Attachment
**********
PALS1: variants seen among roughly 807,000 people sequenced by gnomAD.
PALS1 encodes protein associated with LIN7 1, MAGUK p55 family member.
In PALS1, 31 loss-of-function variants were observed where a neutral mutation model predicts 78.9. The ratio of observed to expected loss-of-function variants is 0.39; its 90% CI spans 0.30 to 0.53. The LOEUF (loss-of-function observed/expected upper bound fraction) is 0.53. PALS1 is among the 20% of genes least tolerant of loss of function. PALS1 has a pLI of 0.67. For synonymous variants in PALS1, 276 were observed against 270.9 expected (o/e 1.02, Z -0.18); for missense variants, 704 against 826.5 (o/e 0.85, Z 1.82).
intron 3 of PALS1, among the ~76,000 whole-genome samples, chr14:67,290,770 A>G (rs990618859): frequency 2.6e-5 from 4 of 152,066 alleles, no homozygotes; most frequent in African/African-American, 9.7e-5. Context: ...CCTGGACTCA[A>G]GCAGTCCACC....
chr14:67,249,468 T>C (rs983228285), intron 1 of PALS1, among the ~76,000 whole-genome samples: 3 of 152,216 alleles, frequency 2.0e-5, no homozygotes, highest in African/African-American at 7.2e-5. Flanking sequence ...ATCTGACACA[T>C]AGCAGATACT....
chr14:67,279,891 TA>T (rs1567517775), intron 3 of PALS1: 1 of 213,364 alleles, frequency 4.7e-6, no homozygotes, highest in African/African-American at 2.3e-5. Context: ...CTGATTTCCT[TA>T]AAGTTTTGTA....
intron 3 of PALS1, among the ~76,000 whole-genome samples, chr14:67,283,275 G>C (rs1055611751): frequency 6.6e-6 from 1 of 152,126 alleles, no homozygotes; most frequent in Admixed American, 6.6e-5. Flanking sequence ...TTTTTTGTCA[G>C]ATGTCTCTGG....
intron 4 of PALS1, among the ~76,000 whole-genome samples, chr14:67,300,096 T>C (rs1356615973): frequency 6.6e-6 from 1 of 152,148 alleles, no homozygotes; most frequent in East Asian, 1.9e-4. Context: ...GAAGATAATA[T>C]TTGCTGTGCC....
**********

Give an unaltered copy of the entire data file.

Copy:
PALS1: variants seen among roughly 807,000 people sequenced by gnomAD.
PALS1 encodes protein associated with LIN7 1, MAGUK p55 family member.
In PALS1, 31 loss-of-function variants were observed where a neutral mutation model predicts 78.9. The ratio of observed to expected loss-of-function variants is 0.39; its 90% CI spans 0.30 to 0.53. The LOEUF (loss-of-function observed/expected upper bound fraction) is 0.53. PALS1 is among the 20% of genes least tolerant of loss of function. PALS1 has a pLI of 0.67. For synonymous variants in PALS1, 276 were observed against 270.9 expected (o/e 1.02, Z -0.18); for missense variants, 704 against 826.5 (o/e 0.85, Z 1.82).
intron 3 of PALS1, among the ~76,000 whole-genome samples, chr14:67,290,770 A>G (rs990618859): frequency 2.6e-5 from 4 of 152,066 alleles, no homozygotes; most frequent in African/African-American, 9.7e-5. Context: ...CCTGGACTCA[A>G]GCAGTCCACC....
chr14:67,249,468 T>C (rs983228285), intron 1 of PALS1, among the ~76,000 whole-genome samples: 3 of 152,216 alleles, frequency 2.0e-5, no homozygotes, highest in African/African-American at 7.2e-5. Flanking sequence ...ATCTGACACA[T>C]AGCAGATACT....
chr14:67,279,891 TA>T (rs1567517775), intron 3 of PALS1: 1 of 213,364 alleles, frequency 4.7e-6, no homozygotes, highest in African/African-American at 2.3e-5. Context: ...CTGATTTCCT[TA>T]AAGTTTTGTA....
intron 3 of PALS1, among the ~76,000 whole-genome samples, chr14:67,283,275 G>C (rs1055611751): frequency 6.6e-6 from 1 of 152,126 alleles, no homozygotes; most frequent in Admixed American, 6.6e-5. Flanking sequence ...TTTTTTGTCA[G>C]ATGTCTCTGG....
intron 4 of PALS1, among the ~76,000 whole-genome samples, chr14:67,300,096 T>C (rs1356615973): frequency 6.6e-6 from 1 of 152,148 alleles, no homozygotes; most frequent in East Asian, 1.9e-4. Context: ...GAAGATAATA[T>C]TTGCTGTGCC....